Fuel feed conduit 5 opens into a chamber 19a through an orifice 22 located opposite an orifice 21 connecting the inside of said chamber 19a with the portion of induction pipe 1 downstream of throttle valve 2, said orifice 21 having a cross section slightly larger than that of orifice 22. As for chamber 19a, it communicates through a passage 19 with a portion 10 of the induction pipe extending between the main throttle valve 2 and the auxiliary throttle valve 3. Said passage 19 starts from a point 20 of pipe portion 10 immediately upstream of the main throttle valve 2.

It will be understood that if orifice 21 is small with respect to the cross section of passage 19 and. to that of chamber 19a, the orifice 22 provided at the end of fuel conduit 5 is subjected to the suction existing in passage 19, that is to say to the suction existing in induction pipe 1 upstream of the main throttle valve 2.

The distance L, measured along the mean line of said induction pipe portion 10, between auxiliary throttle valve 3 and inlet valve 41 is chosen to obtain the above mentioned ram effect. By way of example, particular cases may be cited where length L ranges from 0.25 m. to 1 m.

Portion 10 of the induction pipe form a loop in the shape of a U forming a bend at 24, so that the auxiliary throttle valve 3 is located substantially above the main throttle valve 2 and close thereto.

The space occupied by the carburetor can thus be reduced to a minimum by disposing the metering member 4 as close as possible to the main throttle valve 2 so that conduit 5 is as short as possible.

The air intake 7 being located above the portion of induction pipe 1 which contains the main throttle valve 2, the rod 16 which supports needle 4 extends vertically on the one hand through a guide 17a common to the upper branch of induction pipe portion 10 and to the lower branch thereof and, on the other hand, through a guide 17 carried by the lower wall of said pipe lower branch.

FIG. 2 shows a carburetor analogous to that above described but where the air flow rate is adjusted in a different manner. The embodiment of FIG. 2 comprises, same as that of FIG. 1, a pipe 1 containing the main throttle valve 2 connected through spindle 6 to the throttle control means. It also comprises means for adjusting the fuel flow rate and a conduit 5 opening as above explained on the downstream side of throttle valve 2.

In this embodiment, passage 19 has its upstream end located not in pipe 10 but in an annular space 31 communicating with pipe .10 through a slot 20a;

The auxiliary throttle valve, which automatically opens in accordance with the air flow rate, consists in this case of a piston 25 slidable in a cylindrical chamber 26-27. The upper portion 26 of said chamber is subjected permanently to the suction existing in pipe portion 10, owing to the provision of a conduit 30. This suction, acting upon a large area of piston 25 tends to move it upwardly against the action of an antagonistic spring 29. The lower portion 27 of the cylindrical chamber is subjected, owing to the provision of a passage 28, to the action of the atmospheric pressure or of the pressure existing in the air intake 7 of the carburetor. Such an arrangement, known in itself, acts in such manner that the area of the passage left between the lower end of piston 25 and the wall of the air intake 7 is automatically adjusted so that the suction in pipe portion 10 is constant or anyway determined by the resiliency characteristics of spring 29. Thus, for every value of the air flow rate, piston 25 assumes a given position and, as it is connected through rod 1 6 with needle 4, said needle modifies the annular section of fuel flow through orifice 13 so that the flow rate of fuel remains proportional to the flow rate of air through the apparatus.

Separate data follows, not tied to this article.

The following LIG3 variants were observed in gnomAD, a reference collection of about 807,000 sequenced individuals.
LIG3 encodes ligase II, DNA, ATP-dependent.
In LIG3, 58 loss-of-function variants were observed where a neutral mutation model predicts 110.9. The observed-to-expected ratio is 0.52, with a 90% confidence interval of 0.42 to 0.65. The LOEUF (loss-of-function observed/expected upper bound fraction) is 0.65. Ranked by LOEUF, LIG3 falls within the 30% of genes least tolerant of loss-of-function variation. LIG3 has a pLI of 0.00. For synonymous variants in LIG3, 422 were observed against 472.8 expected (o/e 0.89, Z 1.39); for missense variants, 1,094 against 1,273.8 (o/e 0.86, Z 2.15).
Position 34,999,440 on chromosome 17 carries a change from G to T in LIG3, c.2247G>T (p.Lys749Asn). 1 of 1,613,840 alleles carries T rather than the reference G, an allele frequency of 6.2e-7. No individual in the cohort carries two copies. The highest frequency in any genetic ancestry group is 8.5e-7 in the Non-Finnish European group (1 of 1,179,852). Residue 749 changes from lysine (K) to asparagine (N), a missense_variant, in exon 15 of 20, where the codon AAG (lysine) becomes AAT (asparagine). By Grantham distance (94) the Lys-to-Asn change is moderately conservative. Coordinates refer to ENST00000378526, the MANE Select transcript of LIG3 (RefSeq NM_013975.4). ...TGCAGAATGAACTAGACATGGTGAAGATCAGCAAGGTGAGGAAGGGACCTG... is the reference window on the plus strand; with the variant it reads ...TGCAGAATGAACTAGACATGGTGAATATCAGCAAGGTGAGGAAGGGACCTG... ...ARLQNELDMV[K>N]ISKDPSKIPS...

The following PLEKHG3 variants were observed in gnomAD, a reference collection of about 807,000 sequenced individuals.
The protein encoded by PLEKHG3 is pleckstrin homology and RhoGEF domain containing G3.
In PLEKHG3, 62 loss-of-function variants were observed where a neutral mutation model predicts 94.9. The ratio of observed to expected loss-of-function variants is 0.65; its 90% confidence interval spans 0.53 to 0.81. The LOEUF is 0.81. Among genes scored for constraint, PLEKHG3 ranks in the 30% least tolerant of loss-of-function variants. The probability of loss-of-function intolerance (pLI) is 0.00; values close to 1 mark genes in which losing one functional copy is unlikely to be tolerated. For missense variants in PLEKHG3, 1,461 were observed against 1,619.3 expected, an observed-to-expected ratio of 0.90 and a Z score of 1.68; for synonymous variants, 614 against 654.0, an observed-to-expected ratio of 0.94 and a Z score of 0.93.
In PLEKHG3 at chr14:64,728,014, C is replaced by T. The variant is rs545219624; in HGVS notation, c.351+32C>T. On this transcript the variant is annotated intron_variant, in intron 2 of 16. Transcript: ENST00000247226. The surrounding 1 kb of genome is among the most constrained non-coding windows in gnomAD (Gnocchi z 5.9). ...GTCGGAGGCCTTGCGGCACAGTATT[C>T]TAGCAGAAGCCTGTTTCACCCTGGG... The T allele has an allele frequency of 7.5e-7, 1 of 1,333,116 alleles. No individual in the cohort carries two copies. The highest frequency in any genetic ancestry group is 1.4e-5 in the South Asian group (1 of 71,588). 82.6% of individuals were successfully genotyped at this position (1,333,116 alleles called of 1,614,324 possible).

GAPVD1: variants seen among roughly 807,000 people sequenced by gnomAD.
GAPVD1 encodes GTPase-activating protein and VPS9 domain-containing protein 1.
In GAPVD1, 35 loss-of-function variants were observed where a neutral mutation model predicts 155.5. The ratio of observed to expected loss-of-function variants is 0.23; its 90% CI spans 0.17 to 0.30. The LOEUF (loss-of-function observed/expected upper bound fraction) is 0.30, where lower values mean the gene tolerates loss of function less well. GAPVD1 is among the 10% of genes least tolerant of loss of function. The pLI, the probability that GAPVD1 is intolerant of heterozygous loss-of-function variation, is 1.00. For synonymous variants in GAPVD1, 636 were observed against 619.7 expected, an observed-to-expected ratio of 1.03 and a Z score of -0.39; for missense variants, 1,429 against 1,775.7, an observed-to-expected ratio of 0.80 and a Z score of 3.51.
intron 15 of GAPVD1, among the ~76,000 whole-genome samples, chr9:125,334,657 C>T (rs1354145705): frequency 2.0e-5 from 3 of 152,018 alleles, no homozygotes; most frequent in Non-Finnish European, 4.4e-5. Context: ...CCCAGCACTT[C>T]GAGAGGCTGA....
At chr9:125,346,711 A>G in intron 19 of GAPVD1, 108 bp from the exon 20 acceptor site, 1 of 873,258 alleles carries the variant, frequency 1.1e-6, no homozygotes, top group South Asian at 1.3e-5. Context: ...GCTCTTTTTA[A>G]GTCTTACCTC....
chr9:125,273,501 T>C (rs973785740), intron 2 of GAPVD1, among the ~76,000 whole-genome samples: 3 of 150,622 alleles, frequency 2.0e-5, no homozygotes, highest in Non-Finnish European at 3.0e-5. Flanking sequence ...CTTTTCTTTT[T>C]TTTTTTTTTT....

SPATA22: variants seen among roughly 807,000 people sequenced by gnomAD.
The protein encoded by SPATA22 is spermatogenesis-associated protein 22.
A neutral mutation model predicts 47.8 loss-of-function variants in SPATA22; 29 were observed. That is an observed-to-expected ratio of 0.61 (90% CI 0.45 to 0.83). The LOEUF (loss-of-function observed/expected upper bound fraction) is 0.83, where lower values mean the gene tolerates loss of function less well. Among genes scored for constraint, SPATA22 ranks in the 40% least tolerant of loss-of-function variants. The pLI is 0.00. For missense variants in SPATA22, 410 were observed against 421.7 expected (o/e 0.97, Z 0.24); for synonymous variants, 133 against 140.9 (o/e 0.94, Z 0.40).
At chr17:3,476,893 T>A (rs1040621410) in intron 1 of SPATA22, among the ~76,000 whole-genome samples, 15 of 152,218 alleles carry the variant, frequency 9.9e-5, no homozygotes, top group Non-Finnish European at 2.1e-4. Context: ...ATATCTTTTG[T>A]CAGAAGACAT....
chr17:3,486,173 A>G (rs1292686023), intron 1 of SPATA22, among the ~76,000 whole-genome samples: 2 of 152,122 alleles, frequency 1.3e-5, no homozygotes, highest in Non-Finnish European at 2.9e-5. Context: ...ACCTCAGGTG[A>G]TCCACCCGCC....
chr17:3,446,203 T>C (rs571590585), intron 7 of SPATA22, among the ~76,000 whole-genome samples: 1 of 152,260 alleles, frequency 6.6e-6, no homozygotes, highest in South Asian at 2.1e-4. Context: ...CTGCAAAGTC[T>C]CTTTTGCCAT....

As in the case of FIG. 1, the air intake 7 which contains the auxiliary throttle valve 25 and the air and fuel mixture outlet, located downstream of the main throttle valve 2, are located one above the other and in close proximity to each other. The two portions of pipe 18 thus located one above the other are connected together by a bend 24 of any suitable shape. The distance L between throttle valve 25 and inlet valve 4-1 is chosen as stated with reference to FIG. 1.

According to the embodiment of FIG. 3, the fuel, or fuel mixture, after having been metered by the needle as above explained, is delivered by a pump into pipe 1 instead of being introduced thereinto by suction through a conduit 5.

In said FIGURE 3 all the elements for feeding air and fuel and for metering fuel are similar to those above described and the parts of the carburetor comprising pipe portion 10 and the elements mounted in the upstream end of said pipe have portion not been shown. The distance 1. between the auxiliary throttle valve and inlet valve 41 is chosen as above stated.

But in the embodiment of FIG. 3 the metered fuel passes through a channel 5a into a chamber 32 the upper portion of which communicates, through a conduit 33 of large cross section, with an annular space 31, of large cross section itself, in communication through slot a with the pipe portion between the main throttle valve 2 and the auxiliary throttle valve 3 (or The lower portion of chamber 32 communicates through a channel 34, preferably fitted with a calibrated orifice 35, as shown, with the suction side of a pump 36 which delivers fuel through a conduit 37. This flow of fuel takes place through one or several conduits 3-9 and nozzles '40 and advantageously, as shown, with the provision of a distributing member 38, capable of distributing this fuel amongst the respective valves or ports of the engine.